An advisory opinion has been requested from an elected State's Attorney concerning whether and how the Public Ethics Law (Article 40A, Annotated Code of Maryland, the Ethics Law) would apply to prohibit or limit a proposed private practice of law that would include the State's Attorney and another local private practitioner1 as partners and a member of the local Board of County Commissioners as a law clerk. We advise the Requestor that though the practice as proposed would not on its face be inconsistent with the Ethics Law, the State's Attorney must take care in developing the partnership to stay within the constraints discussed in this Opinion.

This request is presented by an elected State's Attorney who indicates that in his County he is not prohibited from having a private practice. This is apparently a reflection of the salary that is established for his position by the General Assembly, which is below that of some of his assistants, whose salary is set by the County. With one exception the assistants do not have private practices. The Requestor thus describes his position as part-time. He says that he currently has a law practice that includes civil commercial practice. He does no criminal work, and does no work that directly involves the County government. He says he does tort and contract litigation involving solely private parties, domestic relations work and landlord tenant cases, and none of the clients or matters interface with his office.

His proposed partner is described as having a similar practice, with, however, a very limited amount of criminal work that would be discontinued. They would employ as a law clerk an individual who is both a County Commissioner in his County and a teacher at a Community College. This individual is also a law student and would plan to join the firm as a regular member after he completes his legal education. He probably would leave his teaching position if he were to undertake the proposed employment with the firm. (We thus do not address in detail here the question of Ethics Law application to this individual as a State employee at the Community College, though we note as a general matter that there would seem to be no relationships that would give rise to a conflict arising from that employment.)

The primary question presented here, then, has to do with the application of the provisions of the Ethics Law to the State's Attorney and this proposed private practice.2 The Office of the State's Attorney is established in Article V of the Maryland Constitution, which provides for an attorney for the State in each county and Baltimore City, who is to perform the duties and receive the compensation prescribed by the General Assembly. Article 10, § 34, Annotated Code of Maryland provides that the "State's Attorney for each county and the City of Baltimore shall, in each county or city, prosecute and defend, on the part of the State, all cases in which the State may be interested, subject to the provisions of *the State Prosecutor law*." The State's Attorney is responsible for prosecuting all crime in the county, and has wide discretion to prosecute and investigate crimes.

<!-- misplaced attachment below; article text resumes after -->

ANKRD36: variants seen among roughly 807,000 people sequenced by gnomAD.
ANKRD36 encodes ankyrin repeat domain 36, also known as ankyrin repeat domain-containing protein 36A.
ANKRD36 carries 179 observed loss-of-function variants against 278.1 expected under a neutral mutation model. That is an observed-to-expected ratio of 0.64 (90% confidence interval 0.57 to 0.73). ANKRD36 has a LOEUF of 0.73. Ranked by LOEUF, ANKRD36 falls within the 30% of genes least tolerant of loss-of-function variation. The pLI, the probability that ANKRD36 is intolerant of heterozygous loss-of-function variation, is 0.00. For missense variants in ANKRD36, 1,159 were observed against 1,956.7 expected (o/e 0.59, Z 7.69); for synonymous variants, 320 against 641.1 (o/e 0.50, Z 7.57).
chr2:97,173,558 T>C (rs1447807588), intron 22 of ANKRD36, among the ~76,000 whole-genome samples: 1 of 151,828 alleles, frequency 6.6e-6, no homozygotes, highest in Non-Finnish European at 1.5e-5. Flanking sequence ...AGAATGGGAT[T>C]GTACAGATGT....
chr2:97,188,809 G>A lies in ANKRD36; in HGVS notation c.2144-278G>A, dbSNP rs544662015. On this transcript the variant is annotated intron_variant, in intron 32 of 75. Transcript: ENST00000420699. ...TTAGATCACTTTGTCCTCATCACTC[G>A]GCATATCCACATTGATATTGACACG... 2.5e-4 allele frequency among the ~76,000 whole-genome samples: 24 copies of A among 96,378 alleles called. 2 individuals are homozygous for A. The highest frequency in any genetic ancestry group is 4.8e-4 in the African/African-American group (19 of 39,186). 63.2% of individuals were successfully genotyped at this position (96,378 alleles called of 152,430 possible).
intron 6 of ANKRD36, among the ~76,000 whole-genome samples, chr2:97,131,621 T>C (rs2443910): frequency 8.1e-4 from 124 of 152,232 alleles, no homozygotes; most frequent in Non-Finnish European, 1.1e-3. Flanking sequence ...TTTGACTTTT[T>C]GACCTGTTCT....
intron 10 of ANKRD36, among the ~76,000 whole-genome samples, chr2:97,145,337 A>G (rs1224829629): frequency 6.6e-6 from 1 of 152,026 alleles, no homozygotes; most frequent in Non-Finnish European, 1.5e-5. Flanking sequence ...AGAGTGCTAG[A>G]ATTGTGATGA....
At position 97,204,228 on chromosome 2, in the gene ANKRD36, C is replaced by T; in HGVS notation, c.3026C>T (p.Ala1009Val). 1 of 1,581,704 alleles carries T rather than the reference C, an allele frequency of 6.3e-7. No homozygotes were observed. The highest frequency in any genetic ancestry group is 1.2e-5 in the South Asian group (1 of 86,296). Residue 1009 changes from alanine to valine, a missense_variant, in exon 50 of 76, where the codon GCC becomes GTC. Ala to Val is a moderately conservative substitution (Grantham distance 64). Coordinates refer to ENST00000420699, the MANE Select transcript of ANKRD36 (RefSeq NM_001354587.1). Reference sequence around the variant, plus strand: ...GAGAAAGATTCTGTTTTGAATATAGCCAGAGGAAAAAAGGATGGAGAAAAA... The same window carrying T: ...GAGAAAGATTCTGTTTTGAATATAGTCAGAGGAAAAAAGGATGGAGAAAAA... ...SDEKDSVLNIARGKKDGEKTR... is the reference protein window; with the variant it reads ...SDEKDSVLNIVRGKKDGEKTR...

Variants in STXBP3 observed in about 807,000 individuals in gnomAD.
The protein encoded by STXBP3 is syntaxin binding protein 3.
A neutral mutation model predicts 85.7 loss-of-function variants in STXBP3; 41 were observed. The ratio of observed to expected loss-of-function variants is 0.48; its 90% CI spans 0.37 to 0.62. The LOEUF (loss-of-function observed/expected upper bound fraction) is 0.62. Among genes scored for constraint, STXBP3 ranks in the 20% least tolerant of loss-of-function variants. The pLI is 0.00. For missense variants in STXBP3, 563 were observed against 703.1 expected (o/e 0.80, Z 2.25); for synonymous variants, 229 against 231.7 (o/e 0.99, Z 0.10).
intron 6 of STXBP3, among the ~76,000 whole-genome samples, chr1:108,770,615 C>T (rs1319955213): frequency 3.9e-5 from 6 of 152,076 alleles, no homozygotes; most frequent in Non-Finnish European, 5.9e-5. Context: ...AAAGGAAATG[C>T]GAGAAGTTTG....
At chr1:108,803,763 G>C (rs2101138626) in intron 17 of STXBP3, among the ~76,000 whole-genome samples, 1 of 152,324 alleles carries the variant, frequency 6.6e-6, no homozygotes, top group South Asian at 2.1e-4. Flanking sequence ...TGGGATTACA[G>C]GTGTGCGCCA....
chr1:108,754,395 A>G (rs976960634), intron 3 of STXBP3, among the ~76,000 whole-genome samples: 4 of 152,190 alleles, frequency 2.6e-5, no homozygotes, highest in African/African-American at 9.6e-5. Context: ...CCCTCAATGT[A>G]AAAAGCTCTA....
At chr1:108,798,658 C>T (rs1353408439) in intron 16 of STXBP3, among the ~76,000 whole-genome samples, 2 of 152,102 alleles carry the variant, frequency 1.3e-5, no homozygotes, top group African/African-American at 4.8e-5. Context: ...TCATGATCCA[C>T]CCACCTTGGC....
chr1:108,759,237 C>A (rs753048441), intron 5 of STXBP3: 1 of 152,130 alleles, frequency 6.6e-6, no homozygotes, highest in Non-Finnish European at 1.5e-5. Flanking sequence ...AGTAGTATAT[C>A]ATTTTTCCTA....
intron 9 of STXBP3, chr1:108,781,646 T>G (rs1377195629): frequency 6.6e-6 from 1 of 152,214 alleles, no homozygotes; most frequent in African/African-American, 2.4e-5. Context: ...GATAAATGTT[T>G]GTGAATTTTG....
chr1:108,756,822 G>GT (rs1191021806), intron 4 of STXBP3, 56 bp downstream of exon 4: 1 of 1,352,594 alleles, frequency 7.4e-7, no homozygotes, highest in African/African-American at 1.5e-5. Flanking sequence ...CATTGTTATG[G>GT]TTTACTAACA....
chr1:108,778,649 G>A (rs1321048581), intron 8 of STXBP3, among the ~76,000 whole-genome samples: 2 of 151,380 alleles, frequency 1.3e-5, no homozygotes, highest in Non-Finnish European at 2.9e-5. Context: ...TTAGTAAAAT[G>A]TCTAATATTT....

This view of the Office's responsibilities is confirmed in Sinclair v. State, a leading Court of Appeals case dealing with a conflict of interest of a State's Attorney. The court in this case indicates that the "office, which exists by virtue of the Maryland Constitution, is of great significance as, regarding criminal prosecutions, its occupant is vested with much of the sovereign power of the State.... It is clear that state's attorneys in the State have very wide and largely unreviewable discretion as to whether or not to pursue the prosecution of criminal offenses." Quoting from another case, the court notes that the State's Attorney's "decision is controlling and he is accountable for it to no one other than the electorate." 278 Md. 243, 252-3 (1976). The subject matter that could come within the prosecuting authority of the State's Attorney is thus extremely broad. Prosecutions could involve businesses or their officers, including conspiracy, embezzling, credit card offenses, a variety of frauds, corporate misrepresentation, and bad checks.

In particular, in considering how employment in a law practice of a local county commissioner could impact on the performance of his functions as State's Attorney, it is important that though the State's Attorney is himself a State official, his Office functions as a part of local government and therefore has some significant relationships to the County governing body. Most significant is the County Commissioners' budget and personnel authority over the State's Attorney's Office. Also, the State's Attorney has responsibilities for investigation and enforcement of wrongdoing by County officials and employees and could be expected to serve as a resource in County planning and policy activities. For example, in an area of significant population growth, planning activities would be expected to include input from the County's chief prosecuting officer.

We have in many prior Opinions held that private professional practices constitute business entities in which an individual would have both an employment and interest relationship that could be subject to the limitations of §3-103(a) of the Ethics Law. This section prohibits an official or employee from being employed by or having an interest in an entity that is subject to the authority of or contracts with his agency (subsection (a)(1)(i)). It further prohibits any other employment that would impair the individual's impartiality or independence of judgment in carrying out his official duties (subsection (a)(1)(ii)). As there does not appear to be a likelihood of contractual or authority relationships between the proposed law firm and the Requestor's office, we believe that the issue is whether the practice, as proposed to be organized, would be prohibited or limited by the inconsistent employment provision of subsection (a)(1)(ii).